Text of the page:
For our five-question series on food and education at The Common Table, we ask experts about their strategies and practices for fostering a healthier relationship with food. Here: Jonathan Deutsch, founder of the Drexel Food Lab in Philadelphia, whose culinary studies program is about culture, gastronomy, food science, business, food design – and cooking.
The Common Table: How would you explain your perception of food as an educational discipline or tool to someone who might think that that means just cookery lessons?
Jonathan Deutsch: I don’t think we should minimise cookery lessons. Everyone should learn to cook, it’s a life skill. If you think about it, food is the only truly interdisciplinary subject: humanities, social sciences, arts, and hard sciences, food touches everything. It’s also the only academic subject I can think of that safely uses all five senses as tools for inquiry.
I don’t distinguish between culinary education and food studies, I think that’s a big problem in our discipline. Food Studies is not just about history and literature, we also have to understand food. Food scholars can be just as obtuse and theoretical as people who are studying criminology, philosophy or any other academic field. The problem with that is it has taken us far away from the materiality and the hands-on connection to actual food.
We’re now at a level of maturity with food studies where we can say there’s no need to prove our mettle and be overly theoretical and abstract. We can investigate through the materiality of food. We can cook and think and learn all together.
Anyone who knows anything about memory knows that that smell (and taste a little bit) is so instrumental. When we’re teaching, we’re trying to get people to remember things, right? Not just vocabulary and labels but concepts and discoveries as well. I think food is instrumental to that.
For example, we taught a class last summer with a wonderful philosopher named Craig Bach, about meat ethics. He led the ethical readings. And I did the hands-on component which included some really intense things like visiting a slaughterhouse where we chose the chickens to be slaughtered, one conventional and one organic, watched the process and then cooked and tasted them.
It is my belief, and I think our students would agree, that’s much more resonant than a straightforward intellectual journey through the ethics of meat eating in a seminar discussion where there’s no meat, no death, no smells and no tastes. It’s a wildly different experience.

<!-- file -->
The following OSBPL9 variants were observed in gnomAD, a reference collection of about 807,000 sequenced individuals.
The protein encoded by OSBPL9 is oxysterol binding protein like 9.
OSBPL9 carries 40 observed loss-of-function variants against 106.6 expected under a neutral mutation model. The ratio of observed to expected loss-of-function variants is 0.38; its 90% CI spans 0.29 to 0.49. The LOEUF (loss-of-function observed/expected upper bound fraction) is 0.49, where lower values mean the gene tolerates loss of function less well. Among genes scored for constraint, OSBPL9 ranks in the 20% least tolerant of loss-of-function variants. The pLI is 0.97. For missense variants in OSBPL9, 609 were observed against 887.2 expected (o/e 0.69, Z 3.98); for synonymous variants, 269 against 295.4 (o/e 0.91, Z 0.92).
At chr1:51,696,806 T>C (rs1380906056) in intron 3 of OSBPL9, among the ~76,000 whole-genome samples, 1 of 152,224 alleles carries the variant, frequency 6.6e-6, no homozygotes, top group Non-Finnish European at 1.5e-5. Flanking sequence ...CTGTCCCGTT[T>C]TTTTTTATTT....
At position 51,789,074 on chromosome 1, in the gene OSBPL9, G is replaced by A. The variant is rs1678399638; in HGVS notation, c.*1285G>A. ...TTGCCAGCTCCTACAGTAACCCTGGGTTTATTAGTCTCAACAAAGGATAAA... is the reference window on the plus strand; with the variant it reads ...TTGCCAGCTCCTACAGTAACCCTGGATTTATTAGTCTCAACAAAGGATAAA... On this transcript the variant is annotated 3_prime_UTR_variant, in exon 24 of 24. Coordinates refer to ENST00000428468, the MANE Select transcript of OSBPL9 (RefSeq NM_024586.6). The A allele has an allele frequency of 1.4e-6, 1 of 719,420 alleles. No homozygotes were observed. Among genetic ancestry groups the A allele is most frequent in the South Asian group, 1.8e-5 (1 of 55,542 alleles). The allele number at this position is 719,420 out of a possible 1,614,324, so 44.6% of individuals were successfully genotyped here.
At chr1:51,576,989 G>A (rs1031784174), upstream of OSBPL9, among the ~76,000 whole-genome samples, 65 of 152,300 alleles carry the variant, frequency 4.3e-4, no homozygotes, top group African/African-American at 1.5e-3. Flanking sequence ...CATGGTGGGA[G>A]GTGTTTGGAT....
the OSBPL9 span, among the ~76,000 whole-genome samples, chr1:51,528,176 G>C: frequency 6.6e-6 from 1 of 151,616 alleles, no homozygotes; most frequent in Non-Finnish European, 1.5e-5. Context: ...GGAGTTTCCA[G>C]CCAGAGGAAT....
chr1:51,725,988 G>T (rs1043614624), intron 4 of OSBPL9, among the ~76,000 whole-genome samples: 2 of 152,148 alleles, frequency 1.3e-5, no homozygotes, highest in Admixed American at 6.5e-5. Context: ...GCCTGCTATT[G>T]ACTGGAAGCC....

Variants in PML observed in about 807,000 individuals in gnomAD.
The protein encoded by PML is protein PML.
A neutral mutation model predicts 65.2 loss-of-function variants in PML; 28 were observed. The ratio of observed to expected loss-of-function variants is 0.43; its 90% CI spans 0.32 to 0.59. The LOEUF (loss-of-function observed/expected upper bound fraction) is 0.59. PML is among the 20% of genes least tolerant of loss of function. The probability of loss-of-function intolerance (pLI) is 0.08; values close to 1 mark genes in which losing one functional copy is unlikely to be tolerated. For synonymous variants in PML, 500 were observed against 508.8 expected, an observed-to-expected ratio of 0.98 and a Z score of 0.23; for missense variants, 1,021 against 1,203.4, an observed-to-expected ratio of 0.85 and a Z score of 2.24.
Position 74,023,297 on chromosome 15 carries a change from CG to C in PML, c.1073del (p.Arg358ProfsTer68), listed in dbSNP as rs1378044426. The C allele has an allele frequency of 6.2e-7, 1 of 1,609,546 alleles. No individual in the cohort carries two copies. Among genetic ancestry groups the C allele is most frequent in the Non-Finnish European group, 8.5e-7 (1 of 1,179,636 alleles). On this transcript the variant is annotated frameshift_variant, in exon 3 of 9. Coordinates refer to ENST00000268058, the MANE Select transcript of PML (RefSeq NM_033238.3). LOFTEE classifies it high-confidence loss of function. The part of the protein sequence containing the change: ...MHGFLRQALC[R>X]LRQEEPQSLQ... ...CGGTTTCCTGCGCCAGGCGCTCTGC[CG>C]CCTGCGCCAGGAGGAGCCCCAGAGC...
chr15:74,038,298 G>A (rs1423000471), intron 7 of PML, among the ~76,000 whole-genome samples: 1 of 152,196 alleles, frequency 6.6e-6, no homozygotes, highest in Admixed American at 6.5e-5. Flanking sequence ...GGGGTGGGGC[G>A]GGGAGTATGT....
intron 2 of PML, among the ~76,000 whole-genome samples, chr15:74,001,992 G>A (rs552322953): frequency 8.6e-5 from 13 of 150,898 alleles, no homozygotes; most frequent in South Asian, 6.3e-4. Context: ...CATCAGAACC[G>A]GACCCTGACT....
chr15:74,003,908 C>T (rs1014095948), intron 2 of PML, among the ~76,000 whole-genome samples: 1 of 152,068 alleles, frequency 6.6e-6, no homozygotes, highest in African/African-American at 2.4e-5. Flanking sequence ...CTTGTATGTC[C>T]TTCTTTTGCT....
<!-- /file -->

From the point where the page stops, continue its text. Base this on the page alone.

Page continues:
The Common Table: What are you doing/have you done to change understanding related to food?
Jonathan Deutsch: One thing I’ve done is to focus on breaking down the didactic professional silos that make up a typical university food education. Usually with culinary or food science, you do your classroom training and learn the theory, then go out and do some sort of internship experience and, at the end of your studies, get a job and become a professional. Maybe you will come back for some additional higher-level theory with a postgraduate certificate or graduate school or something like that.
Students are increasingly questioning the relevance of this system, especially in culinary education. Who wants to learn culinary skills from someone like me, an irrelevant, old white guy who has been out of kitchens for decades? You want to learn from the guy with the beard and tattoos, who’s the hottest chef in the town right now, right?
I don’t see those two ways as mutually exclusive. I think we can conflate them quite a bit. The way we do it at Drexel is that if a food company, government agency or nonprofit external to the university has a challenge or a problem, our students can try to help with that problem. And while they’re doing that, they’re learning the practicalities they will need for the industry. But they’re learning it in such a way that they have the time, patience and expertise from the faculty and structure to slowly gain experience and have space to make mistakes.
Instead of saying, “I’m going to teach you chemistry, biology, history and cooking, then in four years, you’re going to combine all this stuff and somehow be a professional”, we’ve taken the educational, the experiential, and the professional, and collapsed them into something that is inductive rather than deductive.
Our students are given problems like, for example, How do we create a new, healthy, yet indulgent snack for a consumer who has certain characteristics? Then they have to think about things like: How is this snack going to be stable from a food science perspective? How is it going to be culturally appropriate or relevant or fit into people’s lifestyles? Students have to draw upon gastronomy, history, and social science to solve the problem – incorporating their schooling organically in the process. Not to mention accessing and drawing on additional resources to generate sensory studies, design the packaging and so on.
The Common Table: Who are you trying to reach and teach? And why?
Jonathan Deutsch: We do a lot of food product design at the Lab, but our real product is our future students and future professionals. When I started my career in the 1990s, there was no place to learn this kind of culinary science education. Or if there was, I wasn’t aware of it. Back then, you trained on the job as a chef in a restaurant or a hotel and when your knees and your back hurt too much, and you had gathered some skills and contacts you might make it to getting a job at a food company.